Deer Hunting In Scotland: A Week on the Hinds.

in #hunting4 years ago (edited)


Deer Hunting In Scotland: A Week on the Hinds.


One of the great Hunting trips that hunters all over the world have heard of is Highland Stalking, as the locals call Deer Hunting in the hill country of Scotland.  

Are you sitting comfortably? Good then I’ll begin.


This trip is proper Bucket List, and one that Big Tim and I have talked about for a coupe of years. Time, tide, and the rubbish that is modern life have conspired to keep us 'south of the wall', until now.  Readers over 40, enjoying ‘ middle youth’ will know that there comes a time after which your birthday is all about doing what other people tell you will enjoy, usually a choice suspiciously similar to things they want to do. ‘Dad we’re taking you to Legoland’ wouldn’t kill me but ‘honey we’ve got Coldplay tickets for your birthday’ surely would. This year Big Tim has it all sorted, a week on the Hinds, staying in a cottage with no Internet in an area with no phone signal. Perfect.   

For the full Scottish fieldsports experience you can drop thousands on staying in a castle, feasting on the finest seafood’s and meats the north has to offer, washed down with Edradour’s water of life, a whiskey especially created for life’s small victories. At dawn a tartan-clad ‘Ghillie’ will walk you up on to the hillside and by field craft, lead you to shooting that monarch of the Glen, a trophy Royal Stag. Or you can do as we did and be part of the Doe cull shooting Hinds [as female Red deer are called] and living in a self-catering cottage for a week. 

I live in London


 and my deer hunting experience is in the south of England. Where we practice ‘Woodland Stalking’ which is either spot and stalk in the hedgerows or more often shooting from a highseat (as tree stands are called here). The parcels of land are small mostly tens of acres, or groups of farms that are 1500 to 2000 acres. It’s all very sedate, walking quietly, listening to bird song and shooting Roe, Muntjac or Fallow deer. North of the wall, in Scotland, lowland stalking produces some similar outings for Roe, but the legend, the real deal, is highland stalking for Red Deer.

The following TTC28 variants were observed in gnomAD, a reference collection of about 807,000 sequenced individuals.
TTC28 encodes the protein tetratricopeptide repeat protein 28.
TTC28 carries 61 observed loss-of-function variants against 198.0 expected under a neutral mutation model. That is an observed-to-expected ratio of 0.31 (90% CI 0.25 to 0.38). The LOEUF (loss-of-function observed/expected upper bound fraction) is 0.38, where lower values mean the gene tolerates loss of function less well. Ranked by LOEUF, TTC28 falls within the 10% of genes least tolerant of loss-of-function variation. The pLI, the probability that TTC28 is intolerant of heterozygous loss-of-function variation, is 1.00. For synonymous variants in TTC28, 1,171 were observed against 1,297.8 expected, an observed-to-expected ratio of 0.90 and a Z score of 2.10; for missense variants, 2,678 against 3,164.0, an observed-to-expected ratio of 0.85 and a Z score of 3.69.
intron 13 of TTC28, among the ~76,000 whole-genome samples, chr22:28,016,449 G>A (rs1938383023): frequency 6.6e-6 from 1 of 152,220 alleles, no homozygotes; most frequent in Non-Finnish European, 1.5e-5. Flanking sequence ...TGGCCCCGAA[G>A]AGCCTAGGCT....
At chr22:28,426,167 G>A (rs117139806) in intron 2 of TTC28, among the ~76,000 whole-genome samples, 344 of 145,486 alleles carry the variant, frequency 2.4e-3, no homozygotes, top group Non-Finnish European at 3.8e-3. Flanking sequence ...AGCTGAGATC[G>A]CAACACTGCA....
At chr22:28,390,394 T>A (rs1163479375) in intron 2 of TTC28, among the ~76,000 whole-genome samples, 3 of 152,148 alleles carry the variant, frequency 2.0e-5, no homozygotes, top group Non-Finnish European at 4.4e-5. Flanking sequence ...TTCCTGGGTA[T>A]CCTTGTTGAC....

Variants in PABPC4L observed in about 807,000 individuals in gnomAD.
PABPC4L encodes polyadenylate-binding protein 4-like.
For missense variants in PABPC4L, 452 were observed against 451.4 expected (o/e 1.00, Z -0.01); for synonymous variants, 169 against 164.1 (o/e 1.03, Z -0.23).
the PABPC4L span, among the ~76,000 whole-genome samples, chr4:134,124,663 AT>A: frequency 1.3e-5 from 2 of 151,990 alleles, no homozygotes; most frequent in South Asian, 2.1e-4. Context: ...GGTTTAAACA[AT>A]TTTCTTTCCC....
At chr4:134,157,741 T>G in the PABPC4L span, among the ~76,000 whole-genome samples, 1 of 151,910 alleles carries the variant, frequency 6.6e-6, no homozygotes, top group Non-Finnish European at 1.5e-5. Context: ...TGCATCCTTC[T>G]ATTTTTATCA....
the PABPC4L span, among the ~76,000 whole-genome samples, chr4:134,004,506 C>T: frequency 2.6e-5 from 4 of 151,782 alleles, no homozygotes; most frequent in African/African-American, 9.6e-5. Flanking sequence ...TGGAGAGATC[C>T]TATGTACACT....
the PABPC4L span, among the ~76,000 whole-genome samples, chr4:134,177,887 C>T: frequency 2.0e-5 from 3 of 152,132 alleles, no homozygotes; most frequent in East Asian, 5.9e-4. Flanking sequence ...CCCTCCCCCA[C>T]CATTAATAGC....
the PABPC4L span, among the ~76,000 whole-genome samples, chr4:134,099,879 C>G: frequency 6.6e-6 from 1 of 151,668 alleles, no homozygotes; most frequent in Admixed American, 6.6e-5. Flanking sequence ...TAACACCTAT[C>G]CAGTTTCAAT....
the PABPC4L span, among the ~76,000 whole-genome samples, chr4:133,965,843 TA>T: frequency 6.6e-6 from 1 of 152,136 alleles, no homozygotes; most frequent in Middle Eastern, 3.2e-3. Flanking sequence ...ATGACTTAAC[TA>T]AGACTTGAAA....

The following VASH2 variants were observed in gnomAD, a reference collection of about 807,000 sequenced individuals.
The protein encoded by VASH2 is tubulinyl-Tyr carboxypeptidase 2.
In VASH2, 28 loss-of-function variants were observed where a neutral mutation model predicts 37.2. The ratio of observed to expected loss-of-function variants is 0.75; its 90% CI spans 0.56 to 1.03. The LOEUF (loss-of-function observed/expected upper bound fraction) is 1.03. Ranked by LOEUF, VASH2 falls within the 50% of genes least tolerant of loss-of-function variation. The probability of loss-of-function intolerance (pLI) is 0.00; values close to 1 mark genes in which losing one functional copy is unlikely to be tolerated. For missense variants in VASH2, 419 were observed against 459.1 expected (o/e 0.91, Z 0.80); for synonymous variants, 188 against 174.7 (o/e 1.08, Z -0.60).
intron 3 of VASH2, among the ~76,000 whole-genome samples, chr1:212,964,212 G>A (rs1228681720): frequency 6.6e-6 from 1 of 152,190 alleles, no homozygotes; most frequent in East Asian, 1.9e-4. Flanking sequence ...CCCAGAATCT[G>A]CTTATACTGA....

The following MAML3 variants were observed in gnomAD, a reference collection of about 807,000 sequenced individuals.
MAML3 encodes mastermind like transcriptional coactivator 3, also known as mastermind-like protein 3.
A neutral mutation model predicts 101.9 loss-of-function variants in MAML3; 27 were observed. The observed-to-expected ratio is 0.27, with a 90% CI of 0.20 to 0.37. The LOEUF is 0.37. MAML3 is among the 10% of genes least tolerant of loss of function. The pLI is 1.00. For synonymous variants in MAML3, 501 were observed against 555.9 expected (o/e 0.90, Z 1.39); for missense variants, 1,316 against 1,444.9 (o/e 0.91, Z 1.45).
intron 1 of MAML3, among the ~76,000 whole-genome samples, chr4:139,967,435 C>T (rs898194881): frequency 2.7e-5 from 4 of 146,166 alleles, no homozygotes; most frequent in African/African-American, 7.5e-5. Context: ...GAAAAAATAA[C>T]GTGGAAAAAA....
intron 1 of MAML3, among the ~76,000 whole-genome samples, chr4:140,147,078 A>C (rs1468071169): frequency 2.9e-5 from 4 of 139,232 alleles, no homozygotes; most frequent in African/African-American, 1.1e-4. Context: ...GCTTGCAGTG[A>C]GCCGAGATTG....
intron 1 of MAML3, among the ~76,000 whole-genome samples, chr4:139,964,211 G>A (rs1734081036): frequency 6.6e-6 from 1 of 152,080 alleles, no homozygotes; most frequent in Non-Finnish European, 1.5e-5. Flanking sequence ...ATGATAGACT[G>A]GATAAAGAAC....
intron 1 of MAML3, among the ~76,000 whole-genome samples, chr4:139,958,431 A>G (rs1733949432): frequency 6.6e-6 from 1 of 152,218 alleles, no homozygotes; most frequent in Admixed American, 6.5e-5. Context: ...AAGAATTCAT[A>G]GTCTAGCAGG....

If you were to draw a line on the map between Glasgow in the west and Edinburgh in the east, everything to the north of the center of the line is the sparsely inhabited Highlands, it’s sheep farming country where the estates are thousands of acres. It’s the only part of the UK where you can walk in the hills for a day without seeing another soul. 

Scotland is even more beautiful when you’re there than it looks in the adverts. Ancient stone juts from the earth, yellow gorse and purple heather give the greens and browns of the hills an almost two- tone shimmering effect on the rare occasions when the sun fights its way through the clouds. If you’ve seen those leery tartans with the pinks, purples and yellows that look so waggish around town, this is where they come from, they’re camouflage at distance on the hill. 

In the laughably short ‘summer’ the place is alive with Midges,tiny wee beasties that swarm onto anything warm-blooded and leave dozens of little bites that itch for days. The Scottish tourist board finds in study after study that Midges are the number one reason people wont go back. Tourists hear the clarion call of the highlands; they marvel at the castles, and folklore of Scottish history, they sip the amber nectar, and then they’re savaged by what amounts to dust with teeth.  I’ve done it a few times, in a word. Horrific. 

But Scotland has another season. 

The Romans had a word for Scotland ‘Hibernia’


– the land of perpetual winter, and to be fair it’s a pretty good description. Wind and rain lash the hillsides, snow and hail alternate from September until May / July. You might prefer to spend a vacation in the Caribbean sipping cocktails by the pool, or sampling the culinary delights of any of Europe’s medieval cities. To my mind as soon as you’ve seen the sunrise over those frozen green and purple hills you’ll either ‘know’ an enduring love for the place. Or like my girlfriend, you’ll know for sure that you belong by the fireside back at the hotel nursing a glass of scotch.    

**At work in london - late November**

Jerry:What are you doing for your birthday dude? 

SBW:I'm going to be on a freezing hillside in the snow and rain, lugging a rifle along, as I'm beasted up and down the highlands by the ghillie.  


SBW:Yeah. My happy place!  

Thanks for reading

Your pal


 [More in Part Two](


Do you need to get a permit to have a gun in Scotland?

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